Simulated effects of changes in direct and diffuse radiation on canopy scale isoprene emissions from vegetation following volcanic eruptions D. J. Wilton1,2, C. N. Hewitt2, and D. J. Beerling1 1Department of Animal and Plant Sciences, University of Sheffield, S10 2TN, UK 2Lancaster Environment Centre, Lancaster University, Lancaster LA1 4YQ, UK
Abstract. Volcanic eruptions can alter the quality of incoming solar irradiance
reaching the Earth's surface thereby influencing the interactions between
vegetation and the Earth system. Isoprene (C5H8) is a biogenic
volatile organic compound emitted from leaves at a rate that is strongly
dependent on the received flux of photosynthetically active radiation (PAR).
We used a theoretical approach to investigate the potential for volcanic
eruptions to change the isoprene flux from terrestrial forests using
canopy-scale isoprene emission simulations that vary either the relative or
absolute amount of diffuse (Idiff) and direct (Idir) PAR. According
to our simulations for a northern hardwood deciduous forest, if the total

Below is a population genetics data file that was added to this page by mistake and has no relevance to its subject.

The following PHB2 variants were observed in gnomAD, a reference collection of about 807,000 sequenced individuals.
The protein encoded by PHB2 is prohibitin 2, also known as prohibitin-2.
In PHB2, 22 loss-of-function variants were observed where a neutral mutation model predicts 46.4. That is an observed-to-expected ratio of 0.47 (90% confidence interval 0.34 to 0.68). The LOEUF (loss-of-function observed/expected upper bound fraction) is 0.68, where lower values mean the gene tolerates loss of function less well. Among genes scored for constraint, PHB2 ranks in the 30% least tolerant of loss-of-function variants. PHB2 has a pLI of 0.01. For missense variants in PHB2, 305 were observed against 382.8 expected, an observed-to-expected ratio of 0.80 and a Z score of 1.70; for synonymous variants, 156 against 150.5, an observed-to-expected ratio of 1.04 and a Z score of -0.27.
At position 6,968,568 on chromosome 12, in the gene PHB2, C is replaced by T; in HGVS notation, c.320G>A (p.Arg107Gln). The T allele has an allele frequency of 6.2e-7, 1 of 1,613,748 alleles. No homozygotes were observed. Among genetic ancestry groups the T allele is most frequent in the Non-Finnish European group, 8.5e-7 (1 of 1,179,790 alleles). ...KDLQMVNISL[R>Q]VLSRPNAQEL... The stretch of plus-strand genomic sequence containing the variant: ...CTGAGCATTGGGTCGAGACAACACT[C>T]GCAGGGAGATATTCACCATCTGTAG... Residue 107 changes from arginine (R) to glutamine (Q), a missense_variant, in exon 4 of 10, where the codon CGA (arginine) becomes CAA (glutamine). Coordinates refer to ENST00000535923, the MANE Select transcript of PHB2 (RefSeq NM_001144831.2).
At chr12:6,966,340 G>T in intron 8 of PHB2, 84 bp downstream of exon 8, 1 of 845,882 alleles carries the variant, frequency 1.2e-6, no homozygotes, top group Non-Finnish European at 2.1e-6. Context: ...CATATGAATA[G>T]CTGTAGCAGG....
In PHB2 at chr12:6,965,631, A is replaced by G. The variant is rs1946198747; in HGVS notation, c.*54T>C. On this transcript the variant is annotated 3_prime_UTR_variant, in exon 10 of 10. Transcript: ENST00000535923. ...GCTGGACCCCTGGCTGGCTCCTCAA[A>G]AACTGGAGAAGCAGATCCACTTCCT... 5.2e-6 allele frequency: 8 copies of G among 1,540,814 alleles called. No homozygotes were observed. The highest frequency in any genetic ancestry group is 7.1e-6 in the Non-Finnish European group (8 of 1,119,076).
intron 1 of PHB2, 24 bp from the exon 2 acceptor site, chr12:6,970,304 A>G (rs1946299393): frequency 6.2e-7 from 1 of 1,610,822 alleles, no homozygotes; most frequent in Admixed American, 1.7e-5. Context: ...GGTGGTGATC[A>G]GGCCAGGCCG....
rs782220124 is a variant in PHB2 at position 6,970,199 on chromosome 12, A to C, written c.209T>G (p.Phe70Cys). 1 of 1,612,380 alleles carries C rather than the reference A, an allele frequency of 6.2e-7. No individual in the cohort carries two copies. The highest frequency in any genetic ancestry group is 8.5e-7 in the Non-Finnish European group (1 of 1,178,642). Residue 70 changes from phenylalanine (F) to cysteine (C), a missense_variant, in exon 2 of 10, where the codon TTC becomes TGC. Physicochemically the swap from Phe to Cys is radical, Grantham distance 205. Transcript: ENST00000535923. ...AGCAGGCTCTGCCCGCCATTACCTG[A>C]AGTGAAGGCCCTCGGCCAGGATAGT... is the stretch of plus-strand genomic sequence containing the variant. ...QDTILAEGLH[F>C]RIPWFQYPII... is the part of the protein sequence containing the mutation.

amount of PAR during summer remains constant while the proportion of
Idiff increases, canopy-scale isoprene emissions increase. This effect
increases as leaf area index (LAI) increases. Simulating a decrease in the
total amount of PAR, and a corresponding increase in Idiff fraction, as
measured during the 1992 Pinatubo eruption, changes daily total canopy-scale
isoprene emissions from terrestrial vegetation in summertime by +2.8% and
−1.4% for LAI of 6 and 2, respectively. These effects have not previously
been realized or quantified. Better capturing the effects of volcanic
eruptions (and other major perturbations to the atmospheric aerosol content)
on isoprene emissions from the terrestrial biosphere, and hence on the
chemistry of the atmosphere, therefore may require inclusion of the effects
of aerosols they produce on climate and the quality of PAR.
Citation: Wilton, D. J., Hewitt, C. N., and Beerling, D. J.: Simulated effects of changes in direct and diffuse radiation on canopy scale isoprene emissions from vegetation following volcanic eruptions, Atmos. Chem. Phys., 11, 11723-11731, doi:10.5194/acp-11-11723-2011, 2011.